Items in this collection
Reform and Finance for the Urban Water Supply and Sanitation Sector
2019-08, Goksu, Amanda, Bakalian, Alex, Kingdom, Bill, Saltiel, Gustavo, Mumssen, Yogita, Soppe, Gerard, Kolker, Joel, Delmon, Vicky
Since 2016 the World Bank has explored a wide range of country experiences in delivering better water supply and sanitation services. The analyses led to publication of three new global frameworks for designing water reforms: Policy, Institutional, and Regulatory Incentives, which looks at the broader sector enabling environment; Water Utility Turnaround Framework, which looks at utility-level reforms; and Maximizing Finance for Development, which looks at shifting the financing paradigm to reach the Sustainable Development Goals. The three frameworks—individually and as a compendium—set forth the key principles of a more holistic approach to reform that diverges from the traditional focus on infrastructure economics to a deeper understanding of the behavior of and between sector institutions and of the people within those institutions. Each country-specific reform path will gradually bring the sector to higher degrees of maturity with a strong focus on improving financial sustainability. This summary note integrates the three lines of work—utility reform, sector reform, and sector finance—for readers to understand the critical links between the three spheres. New contributions of this note are a Maturity Matrix for assessing where a country is in its reform process and where it wants to go and a Maturity Ladder that identifies typical actions to move from one stage of maturity to the next. Tools and references are also provided to help governments start on their reform path.
Regulation of Water Supply and Sanitation in Bank Client Countries: A Fresh Look
2018-11, Mumssen, Yogita, Saltiel, Gustavo, Kingdom, Bill, Sadik, Norhan, Marques, Rui
This discussion paper supplements the 2018 World Bank Global Study on Aligning Institutions and Incentives for Sustainable Water Supply and Sanitation (WSS), which promotes holistic approaches in shaping policies, institutions, and regulation. The paper examines how lower-, lower-middle-, and middle-income countries (LMICs) could implement more effective regulation to deliver sustainable WSS outcomes by considering political, legal, and institutional realities. Rather than importing “best practice” models, experience has emphasized the importance of developing “best fit” regulatory frameworks aligned with policy and institutional frameworks of LMICs. To this end, this discussion paper provides an overview of three regulatory aspects—objectives, forms, and functions—to support practitioners as they consider their own regulatory reform options. It discusses the objectives of water sector regulation in LMICs, types of regulatory arrangements and structures that are being used in LMICs, and instruments and methods that regulators in LMICs use to implement their mandated functions and ends with suggestions on where the WSS community goes from here to better understand the preconditions for effective regulation. This paper does not offer definitive conclusions but rather provides suggestions on the way forward through a phased approach to regulatory reform. Importantly, it sheds light on issues that warrant further investigation to determine the future of WSS regulation in LMICs.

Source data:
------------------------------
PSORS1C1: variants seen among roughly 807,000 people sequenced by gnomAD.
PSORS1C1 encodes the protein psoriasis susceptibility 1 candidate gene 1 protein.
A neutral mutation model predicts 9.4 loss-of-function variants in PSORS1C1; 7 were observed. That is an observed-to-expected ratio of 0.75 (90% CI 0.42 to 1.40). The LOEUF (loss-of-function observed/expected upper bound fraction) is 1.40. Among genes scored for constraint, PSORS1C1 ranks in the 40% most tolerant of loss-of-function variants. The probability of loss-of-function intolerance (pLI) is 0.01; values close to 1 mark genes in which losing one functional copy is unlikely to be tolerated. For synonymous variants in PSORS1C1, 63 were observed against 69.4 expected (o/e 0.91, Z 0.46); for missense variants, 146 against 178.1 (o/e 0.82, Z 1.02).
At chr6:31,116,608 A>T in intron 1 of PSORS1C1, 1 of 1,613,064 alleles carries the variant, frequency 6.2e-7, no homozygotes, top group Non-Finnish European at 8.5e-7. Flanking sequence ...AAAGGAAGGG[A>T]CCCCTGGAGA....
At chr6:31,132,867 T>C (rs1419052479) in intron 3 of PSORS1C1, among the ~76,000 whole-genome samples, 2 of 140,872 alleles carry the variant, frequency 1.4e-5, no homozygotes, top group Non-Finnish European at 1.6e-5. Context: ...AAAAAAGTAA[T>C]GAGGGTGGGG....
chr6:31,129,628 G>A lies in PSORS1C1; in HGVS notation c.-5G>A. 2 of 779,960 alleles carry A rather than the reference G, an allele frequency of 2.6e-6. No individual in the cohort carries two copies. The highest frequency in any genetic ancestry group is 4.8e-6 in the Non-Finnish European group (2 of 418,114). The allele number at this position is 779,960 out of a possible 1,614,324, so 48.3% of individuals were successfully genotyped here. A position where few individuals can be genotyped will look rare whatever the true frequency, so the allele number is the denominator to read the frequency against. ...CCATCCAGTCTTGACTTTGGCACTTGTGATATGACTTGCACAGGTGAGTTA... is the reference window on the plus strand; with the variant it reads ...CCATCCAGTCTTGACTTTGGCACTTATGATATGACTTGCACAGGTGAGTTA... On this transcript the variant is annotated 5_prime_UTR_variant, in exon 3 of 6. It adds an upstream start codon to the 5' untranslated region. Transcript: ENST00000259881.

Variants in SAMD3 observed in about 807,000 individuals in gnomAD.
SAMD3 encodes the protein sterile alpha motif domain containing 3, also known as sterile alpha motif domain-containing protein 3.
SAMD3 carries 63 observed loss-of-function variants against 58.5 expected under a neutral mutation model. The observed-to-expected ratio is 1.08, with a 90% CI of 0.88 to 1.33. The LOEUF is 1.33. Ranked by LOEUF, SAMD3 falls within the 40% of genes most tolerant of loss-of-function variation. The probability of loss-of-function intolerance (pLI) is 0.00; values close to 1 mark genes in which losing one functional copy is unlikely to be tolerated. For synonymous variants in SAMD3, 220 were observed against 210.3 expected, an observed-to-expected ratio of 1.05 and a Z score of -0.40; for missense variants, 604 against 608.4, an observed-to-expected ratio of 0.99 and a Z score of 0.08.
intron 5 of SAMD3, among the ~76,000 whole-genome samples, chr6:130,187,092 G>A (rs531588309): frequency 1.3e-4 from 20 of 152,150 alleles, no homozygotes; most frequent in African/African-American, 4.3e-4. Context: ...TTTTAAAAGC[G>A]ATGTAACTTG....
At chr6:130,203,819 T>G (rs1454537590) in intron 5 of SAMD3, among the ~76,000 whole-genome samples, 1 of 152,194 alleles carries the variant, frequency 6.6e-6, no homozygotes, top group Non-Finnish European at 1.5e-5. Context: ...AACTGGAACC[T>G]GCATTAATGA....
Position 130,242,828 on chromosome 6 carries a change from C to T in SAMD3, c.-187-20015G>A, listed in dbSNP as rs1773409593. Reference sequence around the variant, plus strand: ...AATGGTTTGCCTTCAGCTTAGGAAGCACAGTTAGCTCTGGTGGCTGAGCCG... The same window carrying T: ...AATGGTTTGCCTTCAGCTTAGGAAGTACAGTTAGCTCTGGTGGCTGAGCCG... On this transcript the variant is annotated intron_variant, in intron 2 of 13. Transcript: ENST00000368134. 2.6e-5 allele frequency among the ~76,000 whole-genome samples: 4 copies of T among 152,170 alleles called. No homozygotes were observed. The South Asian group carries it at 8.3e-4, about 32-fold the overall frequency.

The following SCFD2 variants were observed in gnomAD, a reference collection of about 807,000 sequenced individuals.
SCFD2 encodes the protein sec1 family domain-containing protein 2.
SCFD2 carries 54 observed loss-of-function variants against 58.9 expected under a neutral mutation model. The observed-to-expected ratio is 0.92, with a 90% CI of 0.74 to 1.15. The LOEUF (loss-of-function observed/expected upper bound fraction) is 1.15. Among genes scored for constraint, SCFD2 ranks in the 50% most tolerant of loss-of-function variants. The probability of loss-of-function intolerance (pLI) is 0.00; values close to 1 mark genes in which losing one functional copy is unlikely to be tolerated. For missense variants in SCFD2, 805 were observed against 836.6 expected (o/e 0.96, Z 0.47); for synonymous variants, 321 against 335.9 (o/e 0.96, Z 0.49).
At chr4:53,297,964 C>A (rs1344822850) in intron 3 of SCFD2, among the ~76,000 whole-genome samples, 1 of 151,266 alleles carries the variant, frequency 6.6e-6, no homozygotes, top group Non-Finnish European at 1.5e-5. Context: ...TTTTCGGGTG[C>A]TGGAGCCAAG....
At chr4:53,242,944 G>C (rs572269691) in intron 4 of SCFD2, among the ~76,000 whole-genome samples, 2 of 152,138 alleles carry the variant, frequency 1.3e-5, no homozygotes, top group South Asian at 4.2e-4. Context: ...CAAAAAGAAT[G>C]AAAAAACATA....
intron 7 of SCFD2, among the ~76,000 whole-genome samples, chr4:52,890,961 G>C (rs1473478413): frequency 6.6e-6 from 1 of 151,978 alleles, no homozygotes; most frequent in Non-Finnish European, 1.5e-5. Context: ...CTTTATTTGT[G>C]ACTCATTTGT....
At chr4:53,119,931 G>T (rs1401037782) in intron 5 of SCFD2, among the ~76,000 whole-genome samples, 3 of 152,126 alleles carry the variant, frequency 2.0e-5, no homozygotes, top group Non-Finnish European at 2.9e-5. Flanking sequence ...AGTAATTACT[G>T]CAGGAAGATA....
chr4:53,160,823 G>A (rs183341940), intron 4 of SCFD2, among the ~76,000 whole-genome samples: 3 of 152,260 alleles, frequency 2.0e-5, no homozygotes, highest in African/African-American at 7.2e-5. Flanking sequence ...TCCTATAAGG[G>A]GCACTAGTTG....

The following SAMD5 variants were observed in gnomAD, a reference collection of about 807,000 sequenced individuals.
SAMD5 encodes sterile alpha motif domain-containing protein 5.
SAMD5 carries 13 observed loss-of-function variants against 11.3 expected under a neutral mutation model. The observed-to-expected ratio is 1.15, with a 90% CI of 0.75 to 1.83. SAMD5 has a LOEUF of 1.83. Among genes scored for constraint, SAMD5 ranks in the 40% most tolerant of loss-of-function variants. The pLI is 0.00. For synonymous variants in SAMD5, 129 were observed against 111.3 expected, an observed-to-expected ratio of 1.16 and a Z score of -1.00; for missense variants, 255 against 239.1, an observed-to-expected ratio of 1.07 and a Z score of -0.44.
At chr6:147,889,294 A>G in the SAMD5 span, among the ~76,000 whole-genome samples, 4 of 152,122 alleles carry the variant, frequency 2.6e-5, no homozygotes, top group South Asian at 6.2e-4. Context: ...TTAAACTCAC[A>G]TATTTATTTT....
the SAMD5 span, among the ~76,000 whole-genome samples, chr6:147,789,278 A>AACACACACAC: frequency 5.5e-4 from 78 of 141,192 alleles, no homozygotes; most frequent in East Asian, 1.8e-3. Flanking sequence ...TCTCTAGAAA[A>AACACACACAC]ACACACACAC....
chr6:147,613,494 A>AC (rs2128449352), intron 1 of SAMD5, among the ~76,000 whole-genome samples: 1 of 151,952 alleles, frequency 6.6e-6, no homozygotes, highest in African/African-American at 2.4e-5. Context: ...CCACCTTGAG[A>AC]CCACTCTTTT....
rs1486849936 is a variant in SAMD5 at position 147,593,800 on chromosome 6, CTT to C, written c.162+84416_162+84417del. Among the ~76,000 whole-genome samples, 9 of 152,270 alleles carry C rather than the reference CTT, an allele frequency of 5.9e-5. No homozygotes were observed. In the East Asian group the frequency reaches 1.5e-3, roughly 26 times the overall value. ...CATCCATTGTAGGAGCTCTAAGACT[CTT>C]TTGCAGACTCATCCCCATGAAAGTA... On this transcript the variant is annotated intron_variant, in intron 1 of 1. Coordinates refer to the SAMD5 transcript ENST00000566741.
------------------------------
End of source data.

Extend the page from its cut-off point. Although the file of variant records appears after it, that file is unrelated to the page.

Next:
Aligning Institutions and Incentives for Sustainable Water Supply and Sanitation Services
2018-05, Mumssen, Yogita, Saltiel, Gustavo, Kingdom, Bill
The objective of this study is to analyze how integrated policy, institutional, and regulatory interventions (institutional interventions in brief) can help align incentives for more sustainable water supply and sanitation (WSS) service delivery. The context for the study is the enhanced global concern about the sustainability of attempts to increase access to, and improve the quality of, WSS services, as exemplified in the sustainable development goals. Aligning institutional interventions refers to harmonization among the objectives for the sector, agreed principles established through political and social processes, and the organizations and mechanisms that implement actions based on such objectives and principles. This report focuses on the formal policy, institutional, and regulatory interventions available to and or prevalent in the water sector, recognizing the critical importance of the informal conventions that will be key factors in the success of any incentive regime. Previous global initiatives offered a range of promising technical solutions that often proved to be unsustainable. New thinking that draws not only infrastructure economics but also on the understanding of political, behavioral, and institutional economics is needed. This new thinking must be grounded within the differing contextual realities of countries globally and in lessons learned from what has or has not worked with regards to achieving specific objectives.